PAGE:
A call for mercy. The family of Yong Vui Kong plead for his life outside the Istana.


Six of us gathered at a little café yesterday. The meeting had been planned days before. We were going to discuss logistics for a private photo presentation by our friend, Toshi Kazama. No one said anything else beforehand, but we also knew we would be talking about Yong Vui Kong. His case weighed heavily on our minds. We’d all been on tenterhooks for months, nervous about the outcome of his clemency petition.

These kinds of meetings can often be a little hard going. Difficult, because unlike many other causes, there are very few victories for activists fighting the death penalty. Yesterday though, we clinked glasses, took deep breaths and reminded each other it was important to be grateful for small victories. We even ordered multiple rounds of dessert. It was rare to feel hopeful as a group.

Yesterday, Singapore announced changes to our death penalty laws. Tiny changes to be sure, but still.

We’d heard rumblings in the morning. Talk that something significant was afoot. Bits of information started trickling out by mid-afternoon. We discussed it among ourselves, but didn’t dare say anything more. Didn’t want to hope. And then, the news broke.

In Parliament, Deputy Prime Minister Teo Chee Hean announced that the Mandatory Death Penalty for drug trafficking would no longer be used on couriers who have cooperated with investigators in a “substantive way”, or who have mental disabilities. In such cases, judges would have discretion to either impose the death penalty, or pass a sentence of life imprisonment with caning.

Law Minister K. Shanmugam, also said the MDP should only apply in murder cases where there was an intention to kill.


For months, we’d wondered what on earth Cabinet was doing with Vui Kong’s clemency petition. Why was it taking such a long time? What was happening behind the scenes?

Yesterday, we got confirmation about something we’d long suspected – that the hangman’s been sitting idle for a while now. A moratorium was imposed last July as a review of the Mandatory Death Penalty got underway. It will remain in place until the changes are implemented. Once this happens, former drug mules like Vui Kong and Cheong Chun Yin can ask to have their cases relooked.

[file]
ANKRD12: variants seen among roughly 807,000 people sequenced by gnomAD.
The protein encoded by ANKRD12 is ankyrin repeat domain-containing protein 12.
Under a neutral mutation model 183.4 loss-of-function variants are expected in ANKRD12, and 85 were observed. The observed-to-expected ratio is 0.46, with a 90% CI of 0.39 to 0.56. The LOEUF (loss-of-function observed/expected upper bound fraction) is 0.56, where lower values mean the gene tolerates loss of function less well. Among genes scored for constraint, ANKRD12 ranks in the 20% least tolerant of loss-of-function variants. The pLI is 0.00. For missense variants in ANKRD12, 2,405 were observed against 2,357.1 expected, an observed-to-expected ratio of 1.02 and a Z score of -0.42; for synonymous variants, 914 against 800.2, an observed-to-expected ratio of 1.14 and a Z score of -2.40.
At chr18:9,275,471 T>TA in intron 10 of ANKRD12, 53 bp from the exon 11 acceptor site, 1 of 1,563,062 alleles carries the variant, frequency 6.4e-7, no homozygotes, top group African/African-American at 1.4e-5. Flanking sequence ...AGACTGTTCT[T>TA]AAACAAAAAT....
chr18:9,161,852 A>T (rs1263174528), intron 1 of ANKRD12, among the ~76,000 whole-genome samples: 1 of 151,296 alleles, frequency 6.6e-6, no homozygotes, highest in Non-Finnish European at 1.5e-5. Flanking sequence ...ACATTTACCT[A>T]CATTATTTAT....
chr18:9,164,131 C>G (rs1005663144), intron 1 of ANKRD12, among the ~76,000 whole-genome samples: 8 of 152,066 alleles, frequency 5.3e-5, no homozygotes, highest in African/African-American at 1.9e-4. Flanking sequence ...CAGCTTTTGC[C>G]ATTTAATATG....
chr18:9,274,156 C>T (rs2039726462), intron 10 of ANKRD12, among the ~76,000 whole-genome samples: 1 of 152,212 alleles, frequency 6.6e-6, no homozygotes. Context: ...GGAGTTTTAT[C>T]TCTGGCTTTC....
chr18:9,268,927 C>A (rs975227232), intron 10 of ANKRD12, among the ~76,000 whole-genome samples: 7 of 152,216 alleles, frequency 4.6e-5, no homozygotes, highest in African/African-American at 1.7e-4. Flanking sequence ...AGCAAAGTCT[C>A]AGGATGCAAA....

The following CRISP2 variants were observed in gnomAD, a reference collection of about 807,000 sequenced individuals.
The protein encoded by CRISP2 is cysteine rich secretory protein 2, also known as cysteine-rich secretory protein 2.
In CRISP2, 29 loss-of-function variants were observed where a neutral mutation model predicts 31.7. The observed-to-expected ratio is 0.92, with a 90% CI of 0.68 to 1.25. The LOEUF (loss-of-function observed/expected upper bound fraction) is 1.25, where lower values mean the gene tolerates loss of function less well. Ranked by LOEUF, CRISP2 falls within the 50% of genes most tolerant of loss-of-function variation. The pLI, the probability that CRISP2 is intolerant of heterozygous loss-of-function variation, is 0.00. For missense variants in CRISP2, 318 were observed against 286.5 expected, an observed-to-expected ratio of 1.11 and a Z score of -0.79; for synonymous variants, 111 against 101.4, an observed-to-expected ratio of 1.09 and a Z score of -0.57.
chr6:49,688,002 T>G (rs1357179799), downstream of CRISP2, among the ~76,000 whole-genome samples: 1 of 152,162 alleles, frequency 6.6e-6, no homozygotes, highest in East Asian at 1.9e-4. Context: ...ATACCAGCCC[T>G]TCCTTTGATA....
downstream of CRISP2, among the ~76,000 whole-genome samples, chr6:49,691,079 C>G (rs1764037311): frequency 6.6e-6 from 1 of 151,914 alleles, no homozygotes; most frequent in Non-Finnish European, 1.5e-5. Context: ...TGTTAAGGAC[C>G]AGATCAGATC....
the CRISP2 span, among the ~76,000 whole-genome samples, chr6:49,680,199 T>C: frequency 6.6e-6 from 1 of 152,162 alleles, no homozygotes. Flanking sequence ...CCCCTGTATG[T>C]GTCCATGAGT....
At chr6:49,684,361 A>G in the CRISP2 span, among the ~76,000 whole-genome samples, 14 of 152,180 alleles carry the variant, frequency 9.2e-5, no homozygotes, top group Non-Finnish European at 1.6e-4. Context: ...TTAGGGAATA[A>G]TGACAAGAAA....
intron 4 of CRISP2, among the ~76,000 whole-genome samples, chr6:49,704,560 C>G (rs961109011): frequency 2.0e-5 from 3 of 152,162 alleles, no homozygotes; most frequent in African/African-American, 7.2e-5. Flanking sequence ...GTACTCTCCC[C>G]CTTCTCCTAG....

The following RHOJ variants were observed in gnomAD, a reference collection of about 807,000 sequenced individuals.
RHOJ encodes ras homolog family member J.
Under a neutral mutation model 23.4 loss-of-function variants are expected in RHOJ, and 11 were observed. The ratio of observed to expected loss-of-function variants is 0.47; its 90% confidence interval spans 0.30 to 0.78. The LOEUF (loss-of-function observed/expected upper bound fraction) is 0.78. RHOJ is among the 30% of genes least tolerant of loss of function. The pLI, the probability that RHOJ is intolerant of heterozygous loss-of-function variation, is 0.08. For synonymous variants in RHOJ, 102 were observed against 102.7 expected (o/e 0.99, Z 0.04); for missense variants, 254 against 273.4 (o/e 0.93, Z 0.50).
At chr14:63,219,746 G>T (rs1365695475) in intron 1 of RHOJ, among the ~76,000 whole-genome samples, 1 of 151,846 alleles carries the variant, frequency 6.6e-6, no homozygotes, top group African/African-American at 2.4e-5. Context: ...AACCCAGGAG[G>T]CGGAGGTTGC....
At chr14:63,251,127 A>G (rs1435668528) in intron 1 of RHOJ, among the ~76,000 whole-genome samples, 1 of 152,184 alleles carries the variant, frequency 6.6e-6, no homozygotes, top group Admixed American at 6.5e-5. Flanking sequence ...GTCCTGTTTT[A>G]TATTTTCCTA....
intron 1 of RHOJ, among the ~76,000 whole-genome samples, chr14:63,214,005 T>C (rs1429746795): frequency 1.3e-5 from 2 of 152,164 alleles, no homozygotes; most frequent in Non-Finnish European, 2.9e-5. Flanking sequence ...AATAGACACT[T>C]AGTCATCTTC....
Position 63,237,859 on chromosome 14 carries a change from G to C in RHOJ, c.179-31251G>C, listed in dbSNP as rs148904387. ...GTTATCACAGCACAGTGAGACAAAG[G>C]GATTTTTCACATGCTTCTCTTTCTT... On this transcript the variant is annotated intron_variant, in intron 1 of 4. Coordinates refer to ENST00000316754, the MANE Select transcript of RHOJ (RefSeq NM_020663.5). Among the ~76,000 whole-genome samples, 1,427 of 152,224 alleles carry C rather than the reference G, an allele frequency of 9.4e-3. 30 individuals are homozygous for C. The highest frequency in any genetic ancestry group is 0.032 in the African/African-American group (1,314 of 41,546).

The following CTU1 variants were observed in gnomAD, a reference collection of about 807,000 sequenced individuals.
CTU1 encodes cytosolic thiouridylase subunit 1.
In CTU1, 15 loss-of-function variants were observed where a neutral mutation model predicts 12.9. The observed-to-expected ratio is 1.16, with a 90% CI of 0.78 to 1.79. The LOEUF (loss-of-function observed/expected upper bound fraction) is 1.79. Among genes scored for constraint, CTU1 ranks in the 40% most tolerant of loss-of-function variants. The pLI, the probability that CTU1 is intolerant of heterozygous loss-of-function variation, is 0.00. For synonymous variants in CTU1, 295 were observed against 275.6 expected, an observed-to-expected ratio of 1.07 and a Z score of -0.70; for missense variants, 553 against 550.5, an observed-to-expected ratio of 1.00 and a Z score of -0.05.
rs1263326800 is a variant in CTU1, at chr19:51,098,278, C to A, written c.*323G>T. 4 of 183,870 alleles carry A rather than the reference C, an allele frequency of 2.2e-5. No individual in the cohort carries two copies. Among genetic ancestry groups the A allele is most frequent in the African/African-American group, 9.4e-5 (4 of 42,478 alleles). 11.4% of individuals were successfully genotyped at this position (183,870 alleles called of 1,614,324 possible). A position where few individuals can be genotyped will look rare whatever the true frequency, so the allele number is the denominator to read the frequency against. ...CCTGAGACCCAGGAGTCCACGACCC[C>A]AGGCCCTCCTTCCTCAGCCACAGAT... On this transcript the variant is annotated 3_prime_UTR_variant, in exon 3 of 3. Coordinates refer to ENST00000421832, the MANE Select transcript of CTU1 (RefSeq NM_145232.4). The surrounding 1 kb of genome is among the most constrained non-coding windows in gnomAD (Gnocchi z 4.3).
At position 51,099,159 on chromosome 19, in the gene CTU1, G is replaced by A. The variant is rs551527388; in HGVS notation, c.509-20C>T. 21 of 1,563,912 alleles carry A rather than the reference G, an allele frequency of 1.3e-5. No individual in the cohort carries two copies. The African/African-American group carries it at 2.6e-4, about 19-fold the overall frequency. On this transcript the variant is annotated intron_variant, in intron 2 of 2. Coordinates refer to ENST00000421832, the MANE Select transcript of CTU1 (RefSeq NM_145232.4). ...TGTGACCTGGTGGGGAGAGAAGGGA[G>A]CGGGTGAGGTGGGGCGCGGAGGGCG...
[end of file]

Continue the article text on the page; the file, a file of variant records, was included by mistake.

A gathering of Cheong Chun Yin’s family and supporters.


Yes, we know we shouldn’t be overly excited. It really is just a teeny weeny baby shuffle forward. Lots of questions remain. How does one cooperate in a “substantive way”? Is it fair to cane a person with mental disabilities or put him away for life? What evidence do we have that the Death Penalty acts as a useful deterrent? What about the problematic presumption of guilt in the Misuse of Drugs Act?

A careful reading of the Ministers’ statements show they’ve barely softened their stance on the Death Penalty. The fact is, the Mandatory Death Penalty continues to apply in many situations. And in cases where judges now have discretion, the only alternative punishment they can mete out is a lifetime in prison and caning. The message is clear – the government isn’t changing its position. It’s just making a tiny tweak. Fine-tuning a system our leaders believe has served us well.

And yet, an obvious truth remains – as long as the death penalty exists, mistakes will inevitably happen. Human beings are fallible. Judges can err. Worse, the Mandatory Death Penalty makes it even more possible that innocent people will be killed in our names.

So there’s more work to be done. The battle isn’t over. Still, as a group, we thought it was okay to feel a little bit encouraged yesterday. We cheered because where there was once despair, we could now see a bit of hope for Vui Kong and Chun Yin.

Over the past two years, many of us have gotten to know their families, have witnessed their agony. We all spoke tonight of Mr Cheong Kah Pin’s tears – how he just can’t seem to stop crying. We tried to telephone Vui Kong’s siblings to tell them the news. They’ve stood by him, begged for his life at the Istana, collected thousands and thousands of petitions, and stayed united despite the pain. We thought they should know their actions have not been in vain.


Two-and-a-half years ago, when M Ravi first took on Vui Kong’s case, few expected him to get anywhere. I still remember how close it was. The boy was days from being killed, his family had made funeral arrangements, he had even signed documents to donate all his organs. But Ravi obtained a stay. And another. And fought and fought, despite criticism, despite accusations he was doing it for his own gain, was pulling a cheap publicity stunt. He even visited Vui Kong’s hometown, promised the family he would do his best, refused to back down.

Because we all believe in second chances.


It’s not been easy and today wasn’t a victory. In fact, the announcement came with an ominous warning:

“Concluding, Mr Teo said the government will monitor how the changes impact and influence the behaviour of the criminal organisations. If the situation worsens, it will consider tightening the provisions or making other changes.” – Today newspaper

For now though, we hold on to hope, and at dinner, allowed ourselves a second bite of dessert. This has always been a difficult fight. Some days have been harder than most, others, downright unbearable. We know better than to turn our noses up at small mercies.